Rental housing, auto repair developments make headway | Government

Debora Carley

Marshall’s planning commission on Sept. 23 lent favorable recommendations to a pair of measures that will be crucial for the continued progress of two developments within the village. With Marshall-based Little Creek Construction planning a rental housing development on the south side of Whistle Street and entrepreneur Maksym Parker looking […]

Marshall’s planning commission on Sept. 23 lent favorable recommendations to a pair of measures that will be crucial for the continued progress of two developments within the village.

With Marshall-based Little Creek Construction planning a rental housing development on the south side of Whistle Street and entrepreneur Maksym Parker looking to start an auto repair business at 502 W. Main St., the planning commission recommended the village board approve a rezone for the former and a conditional use permit for the latter.

For Little Creek’s housing project to proceed on the village’s Whistle Street property, the land must be rezoned from highway business to multi-family residential, which will then allow for the construction of three 16-unit rental buildings. Little Creek must also receive approval for a certified survey map in order to create two separate lots on the property, which the planning commission has not yet reviewed.

Little Creek owner Mike Filkouski is working with Reedsburg-based civil engineering firm Vierbicher Associates Inc. and Middleton-based Knothe & Bruce Architects to prepare the certified survey map, but he wanted to secure the rezone first before moving forward with the CSM. The decision to create two separate lots on the Whistle Street property corresponds with Little Creek’s plan to reserve two of the rental buildings for people ages 55 and older, while the demographics of the third building is still undetermined.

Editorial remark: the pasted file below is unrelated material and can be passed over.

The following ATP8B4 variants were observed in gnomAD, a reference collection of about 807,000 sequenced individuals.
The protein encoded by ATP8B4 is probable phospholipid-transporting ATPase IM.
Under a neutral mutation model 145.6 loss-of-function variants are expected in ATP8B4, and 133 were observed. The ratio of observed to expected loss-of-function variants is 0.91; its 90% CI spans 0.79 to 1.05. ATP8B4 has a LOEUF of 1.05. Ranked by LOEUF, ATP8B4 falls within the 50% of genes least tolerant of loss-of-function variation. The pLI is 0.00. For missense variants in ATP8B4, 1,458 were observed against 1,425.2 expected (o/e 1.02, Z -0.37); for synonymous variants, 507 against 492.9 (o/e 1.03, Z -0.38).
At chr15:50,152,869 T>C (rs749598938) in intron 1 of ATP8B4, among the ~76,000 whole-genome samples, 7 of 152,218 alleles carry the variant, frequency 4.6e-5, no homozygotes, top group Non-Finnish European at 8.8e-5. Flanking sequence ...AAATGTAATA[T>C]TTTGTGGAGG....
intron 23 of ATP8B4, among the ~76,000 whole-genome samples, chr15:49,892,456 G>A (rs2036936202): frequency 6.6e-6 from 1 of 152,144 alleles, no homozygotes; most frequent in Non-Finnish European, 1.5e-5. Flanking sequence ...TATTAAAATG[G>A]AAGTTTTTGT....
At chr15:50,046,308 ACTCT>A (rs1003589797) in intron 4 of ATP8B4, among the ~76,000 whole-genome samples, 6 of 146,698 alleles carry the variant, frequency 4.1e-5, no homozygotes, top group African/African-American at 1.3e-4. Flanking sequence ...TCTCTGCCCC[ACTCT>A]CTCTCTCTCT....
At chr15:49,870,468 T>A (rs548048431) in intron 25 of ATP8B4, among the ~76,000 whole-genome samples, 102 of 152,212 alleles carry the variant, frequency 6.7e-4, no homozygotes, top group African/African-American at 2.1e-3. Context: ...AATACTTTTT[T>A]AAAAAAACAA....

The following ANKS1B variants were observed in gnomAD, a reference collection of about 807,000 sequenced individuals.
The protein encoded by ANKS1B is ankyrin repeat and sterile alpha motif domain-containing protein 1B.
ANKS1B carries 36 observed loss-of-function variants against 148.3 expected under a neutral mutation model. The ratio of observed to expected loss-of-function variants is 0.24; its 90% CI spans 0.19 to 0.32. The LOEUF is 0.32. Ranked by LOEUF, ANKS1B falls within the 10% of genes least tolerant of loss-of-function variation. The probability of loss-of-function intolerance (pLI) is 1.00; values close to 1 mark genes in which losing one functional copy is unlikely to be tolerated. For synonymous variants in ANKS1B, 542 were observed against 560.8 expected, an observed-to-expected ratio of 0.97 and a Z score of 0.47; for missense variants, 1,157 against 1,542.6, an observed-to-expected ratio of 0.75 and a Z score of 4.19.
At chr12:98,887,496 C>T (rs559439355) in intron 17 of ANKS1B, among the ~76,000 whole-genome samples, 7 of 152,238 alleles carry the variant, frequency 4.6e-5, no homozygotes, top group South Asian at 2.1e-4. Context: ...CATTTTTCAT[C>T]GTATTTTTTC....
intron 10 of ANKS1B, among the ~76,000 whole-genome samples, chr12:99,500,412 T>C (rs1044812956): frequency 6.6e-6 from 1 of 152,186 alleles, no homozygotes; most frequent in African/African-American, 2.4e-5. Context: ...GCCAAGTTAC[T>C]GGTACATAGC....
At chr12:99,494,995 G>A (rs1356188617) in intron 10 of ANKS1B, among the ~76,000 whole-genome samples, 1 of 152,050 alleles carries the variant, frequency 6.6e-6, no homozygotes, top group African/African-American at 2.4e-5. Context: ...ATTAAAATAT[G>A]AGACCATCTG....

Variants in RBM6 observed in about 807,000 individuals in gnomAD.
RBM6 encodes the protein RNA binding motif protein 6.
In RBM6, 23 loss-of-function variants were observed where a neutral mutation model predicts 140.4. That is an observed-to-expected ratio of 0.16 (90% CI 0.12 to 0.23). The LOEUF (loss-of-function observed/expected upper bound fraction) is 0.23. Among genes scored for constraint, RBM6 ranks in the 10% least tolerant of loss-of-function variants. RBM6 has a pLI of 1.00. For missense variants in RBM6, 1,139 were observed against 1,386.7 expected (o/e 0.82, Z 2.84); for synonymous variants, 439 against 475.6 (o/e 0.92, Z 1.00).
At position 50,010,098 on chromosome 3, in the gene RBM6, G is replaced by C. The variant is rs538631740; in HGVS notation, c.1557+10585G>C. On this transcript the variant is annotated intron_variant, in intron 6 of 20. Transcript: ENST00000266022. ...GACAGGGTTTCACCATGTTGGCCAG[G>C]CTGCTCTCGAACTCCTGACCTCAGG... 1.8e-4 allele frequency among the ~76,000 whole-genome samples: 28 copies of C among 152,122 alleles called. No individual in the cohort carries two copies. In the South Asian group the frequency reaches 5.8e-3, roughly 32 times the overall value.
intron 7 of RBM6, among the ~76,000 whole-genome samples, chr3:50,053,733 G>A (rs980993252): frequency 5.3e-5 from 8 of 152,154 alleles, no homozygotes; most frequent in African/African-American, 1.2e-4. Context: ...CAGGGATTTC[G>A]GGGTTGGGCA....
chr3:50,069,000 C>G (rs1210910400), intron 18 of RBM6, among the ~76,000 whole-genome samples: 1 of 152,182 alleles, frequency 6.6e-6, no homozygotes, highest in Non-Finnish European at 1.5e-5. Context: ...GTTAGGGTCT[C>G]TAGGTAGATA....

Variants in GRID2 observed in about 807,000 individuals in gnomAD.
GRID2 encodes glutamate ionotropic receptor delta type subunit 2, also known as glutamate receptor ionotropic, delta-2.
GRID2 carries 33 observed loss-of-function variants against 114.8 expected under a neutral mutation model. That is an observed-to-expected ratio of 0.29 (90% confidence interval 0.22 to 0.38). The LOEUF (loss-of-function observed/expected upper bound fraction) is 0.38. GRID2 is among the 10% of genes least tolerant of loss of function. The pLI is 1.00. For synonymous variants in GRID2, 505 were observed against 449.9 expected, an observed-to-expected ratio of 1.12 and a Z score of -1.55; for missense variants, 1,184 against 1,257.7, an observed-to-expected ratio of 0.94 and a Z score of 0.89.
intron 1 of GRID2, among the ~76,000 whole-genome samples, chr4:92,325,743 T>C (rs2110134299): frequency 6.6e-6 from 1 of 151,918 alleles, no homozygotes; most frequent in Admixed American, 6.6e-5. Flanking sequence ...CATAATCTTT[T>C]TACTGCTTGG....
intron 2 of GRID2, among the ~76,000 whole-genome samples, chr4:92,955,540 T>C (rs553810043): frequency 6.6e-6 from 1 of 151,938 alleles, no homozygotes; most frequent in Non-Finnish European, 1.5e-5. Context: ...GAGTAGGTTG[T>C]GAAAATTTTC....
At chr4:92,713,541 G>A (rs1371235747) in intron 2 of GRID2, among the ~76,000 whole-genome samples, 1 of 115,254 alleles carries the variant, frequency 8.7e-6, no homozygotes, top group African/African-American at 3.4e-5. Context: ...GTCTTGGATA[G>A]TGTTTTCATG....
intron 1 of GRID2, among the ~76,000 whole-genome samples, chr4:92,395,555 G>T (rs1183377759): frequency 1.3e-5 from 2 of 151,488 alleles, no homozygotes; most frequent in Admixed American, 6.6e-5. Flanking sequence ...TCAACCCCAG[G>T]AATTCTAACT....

As for the auto repair business planned for West Main Street, Parker’s intention to also sell vehicles on the property will not be possible without a conditional use permit. The property, once home to the Kwik Trip car wash, cannot feature auto sales due to general business zoning.

The planning commission recommended approval of the permit on the condition that no more than six cars could be displayed at a time. Parker must also submit a site plan for the business within nine months, which would serve to address commission concerns over outside storage, lighting and overall layout of the property.

Parker, who purchased the vacant Main Street lot about a month ago, originally planned for the business to be primarily a car dealership, though resident input and commission guidance in February convinced him to refocus the enterprise around auto repairs.

Other commission action:

• Approved a site plan for Joe Marceil and Kari Augustine to allow for the extension of a fence on the west side of their 113 E. Main St. property.

• Recommended the village board approve a conditional use permit for residents Anthony and Katherine Spannbauer for adding a detached garage onto their property at 506 W. Main St.

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